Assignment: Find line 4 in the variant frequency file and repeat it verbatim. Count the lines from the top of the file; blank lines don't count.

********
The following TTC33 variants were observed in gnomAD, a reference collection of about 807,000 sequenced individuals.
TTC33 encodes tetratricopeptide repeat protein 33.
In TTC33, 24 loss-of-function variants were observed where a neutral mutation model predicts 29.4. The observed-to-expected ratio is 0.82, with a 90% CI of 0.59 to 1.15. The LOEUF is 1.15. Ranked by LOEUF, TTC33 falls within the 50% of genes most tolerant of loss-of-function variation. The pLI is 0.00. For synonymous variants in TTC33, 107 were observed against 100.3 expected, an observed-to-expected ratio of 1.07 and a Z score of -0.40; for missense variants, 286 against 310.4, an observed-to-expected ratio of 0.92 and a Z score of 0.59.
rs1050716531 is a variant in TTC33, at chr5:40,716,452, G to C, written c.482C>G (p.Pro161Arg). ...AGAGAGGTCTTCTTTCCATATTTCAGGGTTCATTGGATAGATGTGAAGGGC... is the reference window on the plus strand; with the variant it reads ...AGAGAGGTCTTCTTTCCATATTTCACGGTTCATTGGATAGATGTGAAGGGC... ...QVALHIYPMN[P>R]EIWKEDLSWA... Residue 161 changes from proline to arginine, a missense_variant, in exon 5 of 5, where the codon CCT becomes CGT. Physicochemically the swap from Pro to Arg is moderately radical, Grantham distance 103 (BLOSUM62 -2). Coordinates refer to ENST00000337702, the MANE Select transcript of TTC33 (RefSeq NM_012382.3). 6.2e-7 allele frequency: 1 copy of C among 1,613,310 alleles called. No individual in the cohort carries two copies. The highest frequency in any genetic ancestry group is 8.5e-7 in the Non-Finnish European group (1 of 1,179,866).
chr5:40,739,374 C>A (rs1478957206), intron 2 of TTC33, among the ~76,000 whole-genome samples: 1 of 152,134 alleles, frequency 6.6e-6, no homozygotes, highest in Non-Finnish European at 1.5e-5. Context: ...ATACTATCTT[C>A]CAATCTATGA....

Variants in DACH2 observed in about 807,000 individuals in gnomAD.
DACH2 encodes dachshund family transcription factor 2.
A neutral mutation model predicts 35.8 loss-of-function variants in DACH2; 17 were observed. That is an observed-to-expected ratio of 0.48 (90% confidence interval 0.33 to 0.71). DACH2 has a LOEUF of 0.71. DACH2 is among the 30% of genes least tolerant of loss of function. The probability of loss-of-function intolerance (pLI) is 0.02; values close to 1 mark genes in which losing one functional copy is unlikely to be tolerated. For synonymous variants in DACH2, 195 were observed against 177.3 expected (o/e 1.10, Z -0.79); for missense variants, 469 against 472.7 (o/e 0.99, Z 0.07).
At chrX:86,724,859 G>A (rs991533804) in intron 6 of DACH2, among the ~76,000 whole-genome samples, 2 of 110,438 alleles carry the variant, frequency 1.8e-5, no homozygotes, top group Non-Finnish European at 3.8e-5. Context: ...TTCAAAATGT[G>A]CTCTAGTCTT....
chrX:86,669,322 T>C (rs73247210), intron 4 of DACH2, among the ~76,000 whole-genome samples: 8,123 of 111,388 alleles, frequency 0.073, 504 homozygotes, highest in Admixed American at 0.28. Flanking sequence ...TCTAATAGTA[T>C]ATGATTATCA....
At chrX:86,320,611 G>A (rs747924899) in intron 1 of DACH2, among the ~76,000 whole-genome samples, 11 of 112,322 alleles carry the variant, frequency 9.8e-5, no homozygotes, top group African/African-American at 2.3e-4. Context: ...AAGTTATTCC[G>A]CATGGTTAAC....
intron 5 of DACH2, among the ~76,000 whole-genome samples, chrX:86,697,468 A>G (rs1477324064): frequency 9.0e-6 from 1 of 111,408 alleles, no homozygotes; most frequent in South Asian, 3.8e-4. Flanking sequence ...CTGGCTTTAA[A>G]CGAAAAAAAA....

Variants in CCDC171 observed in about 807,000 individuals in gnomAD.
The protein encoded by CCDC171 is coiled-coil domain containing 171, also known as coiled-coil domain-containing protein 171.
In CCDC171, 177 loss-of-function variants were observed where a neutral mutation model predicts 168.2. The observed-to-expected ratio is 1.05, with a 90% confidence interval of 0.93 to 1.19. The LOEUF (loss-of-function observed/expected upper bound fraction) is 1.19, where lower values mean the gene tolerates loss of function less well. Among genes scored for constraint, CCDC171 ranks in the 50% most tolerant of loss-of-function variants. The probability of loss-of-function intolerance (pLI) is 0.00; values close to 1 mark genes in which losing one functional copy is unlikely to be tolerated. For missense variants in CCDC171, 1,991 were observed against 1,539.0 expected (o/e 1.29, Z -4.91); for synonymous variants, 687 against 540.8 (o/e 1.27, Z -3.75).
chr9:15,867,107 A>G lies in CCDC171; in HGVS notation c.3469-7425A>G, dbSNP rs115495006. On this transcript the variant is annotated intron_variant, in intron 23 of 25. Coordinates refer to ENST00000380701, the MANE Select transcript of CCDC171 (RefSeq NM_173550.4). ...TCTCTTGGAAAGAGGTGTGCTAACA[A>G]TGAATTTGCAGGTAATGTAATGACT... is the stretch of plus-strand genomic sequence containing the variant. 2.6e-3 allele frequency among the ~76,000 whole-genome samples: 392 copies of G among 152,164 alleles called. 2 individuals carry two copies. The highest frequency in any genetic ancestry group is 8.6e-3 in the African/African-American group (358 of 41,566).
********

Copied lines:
rs1050716531 is a variant in TTC33, at chr5:40,716,452, G to C, written c.482C>G (p.Pro161Arg). ...AGAGAGGTCTTCTTTCCATATTTCAGGGTTCATTGGATAGATGTGAAGGGC... is the reference window on the plus strand; with the variant it reads ...AGAGAGGTCTTCTTTCCATATTTCACGGTTCATTGGATAGATGTGAAGGGC... ...QVALHIYPMN[P>R]EIWKEDLSWA... Residue 161 changes from proline to arginine, a missense_variant, in exon 5 of 5, where the codon CCT becomes CGT. Physicochemically the swap from Pro to Arg is moderately radical, Grantham distance 103 (BLOSUM62 -2). Coordinates refer to ENST00000337702, the MANE Select transcript of TTC33 (RefSeq NM_012382.3). 6.2e-7 allele frequency: 1 copy of C among 1,613,310 alleles called. No individual in the cohort carries two copies. The highest frequency in any genetic ancestry group is 8.5e-7 in the Non-Finnish European group (1 of 1,179,866).